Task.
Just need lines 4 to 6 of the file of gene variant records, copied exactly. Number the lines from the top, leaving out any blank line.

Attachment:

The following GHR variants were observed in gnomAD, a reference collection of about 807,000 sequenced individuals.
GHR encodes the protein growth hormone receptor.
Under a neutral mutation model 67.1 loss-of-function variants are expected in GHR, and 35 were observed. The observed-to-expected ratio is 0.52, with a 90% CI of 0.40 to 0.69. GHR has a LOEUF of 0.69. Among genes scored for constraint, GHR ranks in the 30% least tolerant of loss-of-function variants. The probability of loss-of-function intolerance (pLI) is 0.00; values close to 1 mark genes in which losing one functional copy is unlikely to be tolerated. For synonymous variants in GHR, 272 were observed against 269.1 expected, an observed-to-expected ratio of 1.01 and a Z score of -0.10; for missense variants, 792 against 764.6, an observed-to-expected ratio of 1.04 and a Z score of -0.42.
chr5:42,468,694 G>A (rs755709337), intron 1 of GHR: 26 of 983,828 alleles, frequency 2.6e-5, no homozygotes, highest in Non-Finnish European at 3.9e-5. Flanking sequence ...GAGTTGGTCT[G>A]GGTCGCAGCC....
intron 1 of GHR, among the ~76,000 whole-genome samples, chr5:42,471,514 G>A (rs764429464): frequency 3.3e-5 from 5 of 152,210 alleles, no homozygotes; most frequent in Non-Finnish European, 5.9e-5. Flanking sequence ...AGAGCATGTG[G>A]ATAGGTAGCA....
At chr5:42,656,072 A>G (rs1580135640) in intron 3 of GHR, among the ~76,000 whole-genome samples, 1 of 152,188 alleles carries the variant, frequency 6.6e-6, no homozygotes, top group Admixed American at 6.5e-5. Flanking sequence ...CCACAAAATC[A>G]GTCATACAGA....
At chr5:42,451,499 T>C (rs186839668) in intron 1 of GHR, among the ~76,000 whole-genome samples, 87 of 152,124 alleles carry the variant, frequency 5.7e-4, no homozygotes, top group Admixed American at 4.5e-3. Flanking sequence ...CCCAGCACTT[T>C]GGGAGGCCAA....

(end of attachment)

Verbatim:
chr5:42,468,694 G>A (rs755709337), intron 1 of GHR: 26 of 983,828 alleles, frequency 2.6e-5, no homozygotes, highest in Non-Finnish European at 3.9e-5. Flanking sequence ...GAGTTGGTCT[G>A]GGTCGCAGCC....
intron 1 of GHR, among the ~76,000 whole-genome samples, chr5:42,471,514 G>A (rs764429464): frequency 3.3e-5 from 5 of 152,210 alleles, no homozygotes; most frequent in Non-Finnish European, 5.9e-5. Flanking sequence ...AGAGCATGTG[G>A]ATAGGTAGCA....
At chr5:42,656,072 A>G (rs1580135640) in intron 3 of GHR, among the ~76,000 whole-genome samples, 1 of 152,188 alleles carries the variant, frequency 6.6e-6, no homozygotes, top group Admixed American at 6.5e-5. Flanking sequence ...CCACAAAATC[A>G]GTCATACAGA....